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SolarWinds Hackers Stole Mimecast Source Codes

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SolarWinds Hackers Stole Mimecast Source Codes

The hackers responsible for the attacks on Solarwinds gained access to Mimecast’s digital certificates, infiltrated the company’s internal network and stole the source codes of the product.

Back in mid-January 2021, representatives of Mimecast warned that an unknown hacker had one of its digital certificates. The attacker then abused it to gain access to some Microsoft 365 customer accounts.

The compromised certificate was used by several of the company’s products (Mimecast Sync and Recover, Continuity Monitor, and IEP) to connect to Microsoft’s infrastructure.

At the same time, it was reported that only 10% of customers used the above products with this certificate, and the attacker abused the certificate to gain access to only a few Microsoft 365 accounts. The company claimed that the number of affected customers is low and “unambiguous”, and all of them have already been notified about the incident.

Later it turned out that the compromise of the certificate was directly related to the hack of SolarWinds, since Mimecast was using an infected version of the Orion platform.

Accordingly, the certificate was abused by the same attackes that hacked SolarWinds.

As it became known now, hackers did gain access to other parts of the Mimecast intranet.

“All compromised systems were running Windows and were peripheral to the core of our production client infrastructure”, — the company writes.

Mimecast claims that in the end all compromised servers were replaced “to eliminate the threat,” and the investigation found no evidence that the attackers gained access to e-mail or archived content that the company stored on these servers for its clients.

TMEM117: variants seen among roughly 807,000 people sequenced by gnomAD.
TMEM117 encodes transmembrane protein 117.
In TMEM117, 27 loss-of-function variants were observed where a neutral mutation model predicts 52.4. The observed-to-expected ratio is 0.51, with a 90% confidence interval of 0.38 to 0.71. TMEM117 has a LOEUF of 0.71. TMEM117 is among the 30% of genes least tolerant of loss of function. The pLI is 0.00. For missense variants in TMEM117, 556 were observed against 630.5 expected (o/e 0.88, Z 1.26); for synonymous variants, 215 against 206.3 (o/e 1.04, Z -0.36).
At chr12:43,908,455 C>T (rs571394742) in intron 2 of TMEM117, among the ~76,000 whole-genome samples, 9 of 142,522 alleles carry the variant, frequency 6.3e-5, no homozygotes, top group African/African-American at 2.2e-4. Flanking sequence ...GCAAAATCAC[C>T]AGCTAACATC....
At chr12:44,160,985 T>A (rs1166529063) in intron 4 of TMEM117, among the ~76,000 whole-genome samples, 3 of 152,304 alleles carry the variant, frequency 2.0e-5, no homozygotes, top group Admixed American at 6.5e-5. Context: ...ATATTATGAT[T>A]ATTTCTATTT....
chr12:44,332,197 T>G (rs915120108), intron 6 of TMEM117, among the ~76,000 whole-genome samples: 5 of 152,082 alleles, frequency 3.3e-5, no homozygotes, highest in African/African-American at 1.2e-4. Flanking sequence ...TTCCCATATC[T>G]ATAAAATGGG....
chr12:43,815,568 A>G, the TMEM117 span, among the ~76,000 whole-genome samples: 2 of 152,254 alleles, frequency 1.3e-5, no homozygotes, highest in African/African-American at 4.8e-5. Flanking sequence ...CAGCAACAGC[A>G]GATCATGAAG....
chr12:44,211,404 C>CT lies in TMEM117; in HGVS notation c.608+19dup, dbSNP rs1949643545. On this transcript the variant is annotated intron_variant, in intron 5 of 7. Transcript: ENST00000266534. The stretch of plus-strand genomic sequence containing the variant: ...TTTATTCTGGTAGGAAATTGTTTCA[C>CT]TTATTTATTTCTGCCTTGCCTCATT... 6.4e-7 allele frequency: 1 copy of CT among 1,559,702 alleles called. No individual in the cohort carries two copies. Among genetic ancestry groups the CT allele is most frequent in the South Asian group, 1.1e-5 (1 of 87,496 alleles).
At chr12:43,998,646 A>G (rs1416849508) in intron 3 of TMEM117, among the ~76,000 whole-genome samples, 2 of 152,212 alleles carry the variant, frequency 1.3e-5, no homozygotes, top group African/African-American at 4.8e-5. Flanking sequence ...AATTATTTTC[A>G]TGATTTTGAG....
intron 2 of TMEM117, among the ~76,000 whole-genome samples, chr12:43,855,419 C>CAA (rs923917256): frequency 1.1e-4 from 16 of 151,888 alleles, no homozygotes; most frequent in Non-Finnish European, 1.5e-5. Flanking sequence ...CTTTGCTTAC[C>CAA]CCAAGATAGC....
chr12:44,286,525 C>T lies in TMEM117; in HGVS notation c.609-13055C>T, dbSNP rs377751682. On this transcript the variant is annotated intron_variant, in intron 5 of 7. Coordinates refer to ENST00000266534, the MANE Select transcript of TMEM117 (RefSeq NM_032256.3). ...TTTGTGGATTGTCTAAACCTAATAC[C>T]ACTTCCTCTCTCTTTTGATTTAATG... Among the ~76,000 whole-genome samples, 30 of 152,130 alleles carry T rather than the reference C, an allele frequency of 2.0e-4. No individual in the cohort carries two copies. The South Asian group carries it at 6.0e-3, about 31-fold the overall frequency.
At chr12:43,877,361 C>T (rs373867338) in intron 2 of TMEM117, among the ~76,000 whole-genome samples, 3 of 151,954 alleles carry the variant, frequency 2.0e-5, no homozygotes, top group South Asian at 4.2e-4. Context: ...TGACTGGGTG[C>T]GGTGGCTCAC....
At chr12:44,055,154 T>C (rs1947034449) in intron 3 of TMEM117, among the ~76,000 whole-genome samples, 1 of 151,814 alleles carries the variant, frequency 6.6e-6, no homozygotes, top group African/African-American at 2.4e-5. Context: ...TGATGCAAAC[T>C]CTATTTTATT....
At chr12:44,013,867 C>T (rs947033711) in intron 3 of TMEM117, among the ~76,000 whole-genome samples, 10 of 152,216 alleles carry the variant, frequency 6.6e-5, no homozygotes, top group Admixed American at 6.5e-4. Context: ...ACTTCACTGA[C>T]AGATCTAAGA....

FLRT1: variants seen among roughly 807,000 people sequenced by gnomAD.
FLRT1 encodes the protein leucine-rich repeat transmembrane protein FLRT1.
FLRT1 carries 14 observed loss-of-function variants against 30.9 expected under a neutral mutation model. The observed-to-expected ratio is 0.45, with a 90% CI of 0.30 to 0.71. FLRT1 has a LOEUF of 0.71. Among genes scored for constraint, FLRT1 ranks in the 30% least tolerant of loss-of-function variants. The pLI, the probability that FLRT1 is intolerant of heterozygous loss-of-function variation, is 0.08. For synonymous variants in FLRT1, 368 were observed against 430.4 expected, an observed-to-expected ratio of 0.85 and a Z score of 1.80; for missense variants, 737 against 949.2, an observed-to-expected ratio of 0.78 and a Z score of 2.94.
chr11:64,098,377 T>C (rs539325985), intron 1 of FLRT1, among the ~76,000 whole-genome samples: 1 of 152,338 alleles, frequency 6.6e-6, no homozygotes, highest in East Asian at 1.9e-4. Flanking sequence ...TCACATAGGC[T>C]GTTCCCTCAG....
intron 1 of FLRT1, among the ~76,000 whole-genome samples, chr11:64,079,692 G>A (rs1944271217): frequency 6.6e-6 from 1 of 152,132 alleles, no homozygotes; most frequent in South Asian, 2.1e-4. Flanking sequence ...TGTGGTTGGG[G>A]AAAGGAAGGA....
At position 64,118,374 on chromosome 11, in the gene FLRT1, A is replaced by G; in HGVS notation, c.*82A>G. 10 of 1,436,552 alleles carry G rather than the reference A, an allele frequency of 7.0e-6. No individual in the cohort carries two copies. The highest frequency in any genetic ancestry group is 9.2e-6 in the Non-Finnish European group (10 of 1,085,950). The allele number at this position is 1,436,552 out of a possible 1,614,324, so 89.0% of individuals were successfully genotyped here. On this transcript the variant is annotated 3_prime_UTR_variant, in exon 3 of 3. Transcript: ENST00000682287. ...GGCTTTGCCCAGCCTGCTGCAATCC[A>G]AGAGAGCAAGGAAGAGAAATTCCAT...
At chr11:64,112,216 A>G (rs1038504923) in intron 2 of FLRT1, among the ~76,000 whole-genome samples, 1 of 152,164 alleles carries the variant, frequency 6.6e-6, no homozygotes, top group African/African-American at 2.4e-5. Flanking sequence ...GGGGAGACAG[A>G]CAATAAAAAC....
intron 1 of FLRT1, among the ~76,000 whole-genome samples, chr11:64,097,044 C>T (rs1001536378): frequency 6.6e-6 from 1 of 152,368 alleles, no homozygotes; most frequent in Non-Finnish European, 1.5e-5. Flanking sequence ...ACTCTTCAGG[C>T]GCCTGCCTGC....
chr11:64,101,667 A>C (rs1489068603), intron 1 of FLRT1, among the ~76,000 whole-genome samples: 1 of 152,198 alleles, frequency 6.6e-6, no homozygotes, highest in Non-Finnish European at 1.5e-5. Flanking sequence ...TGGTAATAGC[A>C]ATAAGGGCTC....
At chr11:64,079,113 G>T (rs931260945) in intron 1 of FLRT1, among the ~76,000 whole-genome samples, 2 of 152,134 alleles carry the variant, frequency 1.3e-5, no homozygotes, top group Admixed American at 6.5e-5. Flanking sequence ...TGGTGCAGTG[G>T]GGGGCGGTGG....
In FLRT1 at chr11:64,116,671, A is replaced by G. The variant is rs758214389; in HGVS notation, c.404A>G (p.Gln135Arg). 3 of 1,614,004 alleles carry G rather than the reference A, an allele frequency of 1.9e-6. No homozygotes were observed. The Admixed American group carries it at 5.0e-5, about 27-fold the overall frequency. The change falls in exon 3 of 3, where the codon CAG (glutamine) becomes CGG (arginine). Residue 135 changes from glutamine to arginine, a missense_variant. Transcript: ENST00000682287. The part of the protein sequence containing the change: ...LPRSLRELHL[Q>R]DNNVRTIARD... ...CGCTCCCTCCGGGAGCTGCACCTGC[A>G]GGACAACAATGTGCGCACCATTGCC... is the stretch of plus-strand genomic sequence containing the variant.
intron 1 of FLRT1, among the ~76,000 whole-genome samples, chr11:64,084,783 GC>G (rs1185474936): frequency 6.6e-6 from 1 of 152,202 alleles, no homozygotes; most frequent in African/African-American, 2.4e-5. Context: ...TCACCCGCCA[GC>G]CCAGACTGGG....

However, the attackers still managed to get to the repository where the Mimecast code was located, from where, as it became clear now, some sources were stolen. The company said in a statement that the attackers stole only small parts of the code, but not codes of the entire projects.

“We believe that the source code uploaded by the attacker was incomplete and insufficient to create and run any aspect of the Mimecast service. We found no evidence that the attacker made any changes to our source code, and we do not believe that this could have any effect on our products”, — the company says.

Let me remind you that earlier the same thing happened with Microsoft. After SolarWinds was compromised, the source codes of the Azure, Intune and Exchange components were stolen from the IT giant. Microsoft representatives also assured that the leak would not affect the company’s products in any way, and the incident did not allow hackers to gain wide access to user data.

The SolarWinds hack is one of the largest supply chain attacks in history.

The attack on SolarWinds is attributed to an allegedly Russian-speaking hack group that cybersecurity experts track under the names StellarParticle (CrowdStrike), UNC2452 (FireEye), and Dark Halo (Volexity).

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Vladimir Krasnogolovy
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